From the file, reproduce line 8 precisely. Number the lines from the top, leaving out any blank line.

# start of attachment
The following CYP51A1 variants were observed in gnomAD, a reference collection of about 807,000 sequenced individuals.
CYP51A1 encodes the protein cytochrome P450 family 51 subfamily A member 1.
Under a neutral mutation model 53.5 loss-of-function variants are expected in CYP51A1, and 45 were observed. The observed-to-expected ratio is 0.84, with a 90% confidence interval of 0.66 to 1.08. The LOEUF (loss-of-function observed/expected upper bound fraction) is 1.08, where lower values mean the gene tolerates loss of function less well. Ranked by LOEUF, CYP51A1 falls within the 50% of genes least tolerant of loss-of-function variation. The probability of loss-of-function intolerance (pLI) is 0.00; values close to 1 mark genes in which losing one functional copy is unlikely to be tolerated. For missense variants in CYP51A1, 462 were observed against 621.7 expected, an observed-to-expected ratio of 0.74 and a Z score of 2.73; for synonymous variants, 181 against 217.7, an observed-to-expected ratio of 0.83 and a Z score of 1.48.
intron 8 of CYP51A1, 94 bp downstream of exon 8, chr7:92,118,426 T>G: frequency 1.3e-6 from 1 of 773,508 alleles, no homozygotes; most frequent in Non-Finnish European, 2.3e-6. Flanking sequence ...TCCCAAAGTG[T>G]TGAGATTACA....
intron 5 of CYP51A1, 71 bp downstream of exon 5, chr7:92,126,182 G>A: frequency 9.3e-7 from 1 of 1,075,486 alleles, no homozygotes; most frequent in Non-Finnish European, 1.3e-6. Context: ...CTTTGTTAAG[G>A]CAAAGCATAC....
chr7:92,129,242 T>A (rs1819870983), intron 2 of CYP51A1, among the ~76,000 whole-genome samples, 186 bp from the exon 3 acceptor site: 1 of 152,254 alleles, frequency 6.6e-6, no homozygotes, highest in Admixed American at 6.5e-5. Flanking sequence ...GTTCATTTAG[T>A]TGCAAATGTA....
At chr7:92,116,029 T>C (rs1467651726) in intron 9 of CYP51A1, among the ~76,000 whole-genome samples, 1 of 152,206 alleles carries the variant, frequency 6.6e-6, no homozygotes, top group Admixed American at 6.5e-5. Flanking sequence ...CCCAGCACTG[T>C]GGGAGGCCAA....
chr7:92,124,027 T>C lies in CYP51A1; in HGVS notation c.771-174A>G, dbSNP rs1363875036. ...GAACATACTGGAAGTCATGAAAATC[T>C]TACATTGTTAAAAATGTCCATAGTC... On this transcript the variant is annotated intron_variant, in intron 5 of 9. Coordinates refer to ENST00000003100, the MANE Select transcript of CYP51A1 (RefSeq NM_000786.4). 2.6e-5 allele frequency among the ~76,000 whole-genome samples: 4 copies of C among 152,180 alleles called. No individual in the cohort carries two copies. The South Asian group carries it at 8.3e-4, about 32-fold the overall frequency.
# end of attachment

chr7:92,124,027 T>C lies in CYP51A1; in HGVS notation c.771-174A>G, dbSNP rs1363875036. ...GAACATACTGGAAGTCATGAAAATC[T>C]TACATTGTTAAAAATGTCCATAGTC... On this transcript the variant is annotated intron_variant, in intron 5 of 9. Coordinates refer to ENST00000003100, the MANE Select transcript of CYP51A1 (RefSeq NM_000786.4). 2.6e-5 allele frequency among the ~76,000 whole-genome samples: 4 copies of C among 152,180 alleles called. No individual in the cohort carries two copies. The South Asian group carries it at 8.3e-4, about 32-fold the overall frequency.